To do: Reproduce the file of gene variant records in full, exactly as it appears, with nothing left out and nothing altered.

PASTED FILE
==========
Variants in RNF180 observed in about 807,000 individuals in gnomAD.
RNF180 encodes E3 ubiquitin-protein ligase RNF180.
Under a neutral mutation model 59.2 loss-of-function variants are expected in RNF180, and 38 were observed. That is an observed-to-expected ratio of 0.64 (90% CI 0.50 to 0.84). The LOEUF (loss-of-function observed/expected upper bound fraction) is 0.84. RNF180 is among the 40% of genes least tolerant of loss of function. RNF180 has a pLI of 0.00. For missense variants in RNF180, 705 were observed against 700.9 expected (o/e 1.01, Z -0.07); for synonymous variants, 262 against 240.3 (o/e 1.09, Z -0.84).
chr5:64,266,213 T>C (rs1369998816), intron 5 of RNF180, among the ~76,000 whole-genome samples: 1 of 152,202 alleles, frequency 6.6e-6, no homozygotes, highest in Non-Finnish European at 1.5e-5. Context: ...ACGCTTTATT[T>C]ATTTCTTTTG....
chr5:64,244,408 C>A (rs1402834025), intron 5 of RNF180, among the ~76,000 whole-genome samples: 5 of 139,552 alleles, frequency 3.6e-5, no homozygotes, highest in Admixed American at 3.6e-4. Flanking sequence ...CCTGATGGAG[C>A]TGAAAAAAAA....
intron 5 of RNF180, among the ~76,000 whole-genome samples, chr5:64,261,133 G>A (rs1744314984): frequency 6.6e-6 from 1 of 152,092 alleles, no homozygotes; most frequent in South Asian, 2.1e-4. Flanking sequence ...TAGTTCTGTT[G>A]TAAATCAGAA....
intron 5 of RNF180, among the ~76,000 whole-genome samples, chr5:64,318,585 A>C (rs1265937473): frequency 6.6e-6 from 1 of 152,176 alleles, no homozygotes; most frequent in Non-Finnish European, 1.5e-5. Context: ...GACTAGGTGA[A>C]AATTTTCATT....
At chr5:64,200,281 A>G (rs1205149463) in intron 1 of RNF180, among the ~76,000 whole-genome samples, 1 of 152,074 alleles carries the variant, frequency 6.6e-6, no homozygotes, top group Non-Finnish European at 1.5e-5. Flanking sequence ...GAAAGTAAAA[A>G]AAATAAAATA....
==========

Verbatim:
Variants in RNF180 observed in about 807,000 individuals in gnomAD.
RNF180 encodes E3 ubiquitin-protein ligase RNF180.
Under a neutral mutation model 59.2 loss-of-function variants are expected in RNF180, and 38 were observed. That is an observed-to-expected ratio of 0.64 (90% CI 0.50 to 0.84). The LOEUF (loss-of-function observed/expected upper bound fraction) is 0.84. RNF180 is among the 40% of genes least tolerant of loss of function. RNF180 has a pLI of 0.00. For missense variants in RNF180, 705 were observed against 700.9 expected (o/e 1.01, Z -0.07); for synonymous variants, 262 against 240.3 (o/e 1.09, Z -0.84).
chr5:64,266,213 T>C (rs1369998816), intron 5 of RNF180, among the ~76,000 whole-genome samples: 1 of 152,202 alleles, frequency 6.6e-6, no homozygotes, highest in Non-Finnish European at 1.5e-5. Context: ...ACGCTTTATT[T>C]ATTTCTTTTG....
chr5:64,244,408 C>A (rs1402834025), intron 5 of RNF180, among the ~76,000 whole-genome samples: 5 of 139,552 alleles, frequency 3.6e-5, no homozygotes, highest in Admixed American at 3.6e-4. Flanking sequence ...CCTGATGGAG[C>A]TGAAAAAAAA....
intron 5 of RNF180, among the ~76,000 whole-genome samples, chr5:64,261,133 G>A (rs1744314984): frequency 6.6e-6 from 1 of 152,092 alleles, no homozygotes; most frequent in South Asian, 2.1e-4. Flanking sequence ...TAGTTCTGTT[G>A]TAAATCAGAA....
intron 5 of RNF180, among the ~76,000 whole-genome samples, chr5:64,318,585 A>C (rs1265937473): frequency 6.6e-6 from 1 of 152,176 alleles, no homozygotes; most frequent in Non-Finnish European, 1.5e-5. Context: ...GACTAGGTGA[A>C]AATTTTCATT....
At chr5:64,200,281 A>G (rs1205149463) in intron 1 of RNF180, among the ~76,000 whole-genome samples, 1 of 152,074 alleles carries the variant, frequency 6.6e-6, no homozygotes, top group Non-Finnish European at 1.5e-5. Flanking sequence ...GAAAGTAAAA[A>G]AAATAAAATA....